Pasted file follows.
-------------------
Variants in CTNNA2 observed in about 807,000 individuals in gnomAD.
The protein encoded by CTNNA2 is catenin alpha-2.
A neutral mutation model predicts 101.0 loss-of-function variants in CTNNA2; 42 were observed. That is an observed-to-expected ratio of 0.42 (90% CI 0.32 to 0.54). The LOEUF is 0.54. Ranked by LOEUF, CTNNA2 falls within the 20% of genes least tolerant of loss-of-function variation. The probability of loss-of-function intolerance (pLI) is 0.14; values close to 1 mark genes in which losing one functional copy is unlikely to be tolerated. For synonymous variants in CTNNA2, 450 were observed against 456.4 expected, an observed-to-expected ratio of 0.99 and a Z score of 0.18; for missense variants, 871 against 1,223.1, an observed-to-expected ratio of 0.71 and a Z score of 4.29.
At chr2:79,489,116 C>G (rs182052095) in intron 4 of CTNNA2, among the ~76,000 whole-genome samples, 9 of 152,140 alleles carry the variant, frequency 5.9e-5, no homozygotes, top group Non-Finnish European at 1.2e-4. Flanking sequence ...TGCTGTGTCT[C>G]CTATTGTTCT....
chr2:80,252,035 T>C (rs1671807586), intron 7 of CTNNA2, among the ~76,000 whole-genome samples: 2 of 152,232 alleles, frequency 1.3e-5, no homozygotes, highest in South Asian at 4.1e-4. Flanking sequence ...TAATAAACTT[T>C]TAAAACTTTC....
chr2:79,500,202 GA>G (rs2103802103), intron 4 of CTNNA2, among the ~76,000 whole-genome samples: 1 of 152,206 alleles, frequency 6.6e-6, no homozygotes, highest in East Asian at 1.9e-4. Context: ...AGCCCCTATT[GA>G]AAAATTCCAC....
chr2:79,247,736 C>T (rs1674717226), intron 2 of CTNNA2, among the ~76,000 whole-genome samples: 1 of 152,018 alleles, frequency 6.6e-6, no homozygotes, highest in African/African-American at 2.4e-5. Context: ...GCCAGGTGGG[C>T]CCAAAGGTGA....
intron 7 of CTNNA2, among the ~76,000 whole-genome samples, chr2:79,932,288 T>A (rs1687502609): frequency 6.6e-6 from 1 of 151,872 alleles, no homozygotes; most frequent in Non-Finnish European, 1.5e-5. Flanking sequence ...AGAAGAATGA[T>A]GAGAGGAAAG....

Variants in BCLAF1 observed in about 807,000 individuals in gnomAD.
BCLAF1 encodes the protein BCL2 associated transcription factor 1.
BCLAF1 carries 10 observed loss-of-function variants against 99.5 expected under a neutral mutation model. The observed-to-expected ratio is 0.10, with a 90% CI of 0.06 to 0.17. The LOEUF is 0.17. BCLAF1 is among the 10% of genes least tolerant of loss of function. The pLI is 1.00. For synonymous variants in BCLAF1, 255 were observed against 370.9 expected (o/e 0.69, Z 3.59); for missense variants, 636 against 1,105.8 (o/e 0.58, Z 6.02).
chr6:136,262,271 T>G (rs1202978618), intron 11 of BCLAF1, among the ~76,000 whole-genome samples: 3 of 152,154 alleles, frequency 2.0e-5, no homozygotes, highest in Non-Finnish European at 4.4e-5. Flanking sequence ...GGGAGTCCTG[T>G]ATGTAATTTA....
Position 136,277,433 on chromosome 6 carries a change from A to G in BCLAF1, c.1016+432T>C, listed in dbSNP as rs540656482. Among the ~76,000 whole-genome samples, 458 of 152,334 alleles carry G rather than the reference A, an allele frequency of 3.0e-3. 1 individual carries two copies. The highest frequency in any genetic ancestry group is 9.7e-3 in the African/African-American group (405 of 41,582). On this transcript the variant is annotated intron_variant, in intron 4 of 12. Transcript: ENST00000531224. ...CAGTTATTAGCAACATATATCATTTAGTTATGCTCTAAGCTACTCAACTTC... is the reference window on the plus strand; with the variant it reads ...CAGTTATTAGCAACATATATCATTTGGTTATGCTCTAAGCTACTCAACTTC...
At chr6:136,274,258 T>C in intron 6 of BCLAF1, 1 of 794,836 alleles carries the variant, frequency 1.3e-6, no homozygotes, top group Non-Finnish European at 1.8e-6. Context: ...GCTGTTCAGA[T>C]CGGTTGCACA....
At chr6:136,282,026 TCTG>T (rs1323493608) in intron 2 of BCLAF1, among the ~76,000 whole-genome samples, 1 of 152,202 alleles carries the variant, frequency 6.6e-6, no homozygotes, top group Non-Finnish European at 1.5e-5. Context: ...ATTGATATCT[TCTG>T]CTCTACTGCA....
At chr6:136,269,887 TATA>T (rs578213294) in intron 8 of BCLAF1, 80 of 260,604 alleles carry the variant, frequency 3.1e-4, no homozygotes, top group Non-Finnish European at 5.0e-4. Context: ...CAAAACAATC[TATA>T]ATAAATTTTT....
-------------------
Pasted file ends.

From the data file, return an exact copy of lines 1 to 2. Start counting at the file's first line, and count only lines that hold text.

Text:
Variants in CTNNA2 observed in about 807,000 individuals in gnomAD.
The protein encoded by CTNNA2 is catenin alpha-2.